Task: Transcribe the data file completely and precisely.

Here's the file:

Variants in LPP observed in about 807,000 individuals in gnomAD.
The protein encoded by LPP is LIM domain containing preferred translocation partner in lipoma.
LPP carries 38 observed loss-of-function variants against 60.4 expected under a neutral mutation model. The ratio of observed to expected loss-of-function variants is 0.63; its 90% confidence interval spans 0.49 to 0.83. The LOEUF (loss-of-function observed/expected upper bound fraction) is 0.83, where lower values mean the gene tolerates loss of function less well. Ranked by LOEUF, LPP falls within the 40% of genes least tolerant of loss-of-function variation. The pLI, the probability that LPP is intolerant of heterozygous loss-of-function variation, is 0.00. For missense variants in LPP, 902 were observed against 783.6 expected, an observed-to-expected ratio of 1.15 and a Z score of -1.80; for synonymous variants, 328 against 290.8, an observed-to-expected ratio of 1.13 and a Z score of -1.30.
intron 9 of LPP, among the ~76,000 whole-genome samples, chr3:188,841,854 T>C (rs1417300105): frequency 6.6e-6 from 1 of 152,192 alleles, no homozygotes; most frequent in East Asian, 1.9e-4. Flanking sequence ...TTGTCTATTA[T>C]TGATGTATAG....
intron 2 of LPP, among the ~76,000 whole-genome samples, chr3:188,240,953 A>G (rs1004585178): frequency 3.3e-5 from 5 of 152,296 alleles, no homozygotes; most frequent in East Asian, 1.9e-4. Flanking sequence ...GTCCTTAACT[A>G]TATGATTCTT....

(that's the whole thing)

Variants in LPP observed in about 807,000 individuals in gnomAD.
The protein encoded by LPP is LIM domain containing preferred translocation partner in lipoma.
LPP carries 38 observed loss-of-function variants against 60.4 expected under a neutral mutation model. The ratio of observed to expected loss-of-function variants is 0.63; its 90% confidence interval spans 0.49 to 0.83. The LOEUF (loss-of-function observed/expected upper bound fraction) is 0.83, where lower values mean the gene tolerates loss of function less well. Ranked by LOEUF, LPP falls within the 40% of genes least tolerant of loss-of-function variation. The pLI, the probability that LPP is intolerant of heterozygous loss-of-function variation, is 0.00. For missense variants in LPP, 902 were observed against 783.6 expected, an observed-to-expected ratio of 1.15 and a Z score of -1.80; for synonymous variants, 328 against 290.8, an observed-to-expected ratio of 1.13 and a Z score of -1.30.
intron 9 of LPP, among the ~76,000 whole-genome samples, chr3:188,841,854 T>C (rs1417300105): frequency 6.6e-6 from 1 of 152,192 alleles, no homozygotes; most frequent in East Asian, 1.9e-4. Flanking sequence ...TTGTCTATTA[T>C]TGATGTATAG....
intron 2 of LPP, among the ~76,000 whole-genome samples, chr3:188,240,953 A>G (rs1004585178): frequency 3.3e-5 from 5 of 152,296 alleles, no homozygotes; most frequent in East Asian, 1.9e-4. Flanking sequence ...GTCCTTAACT[A>G]TATGATTCTT....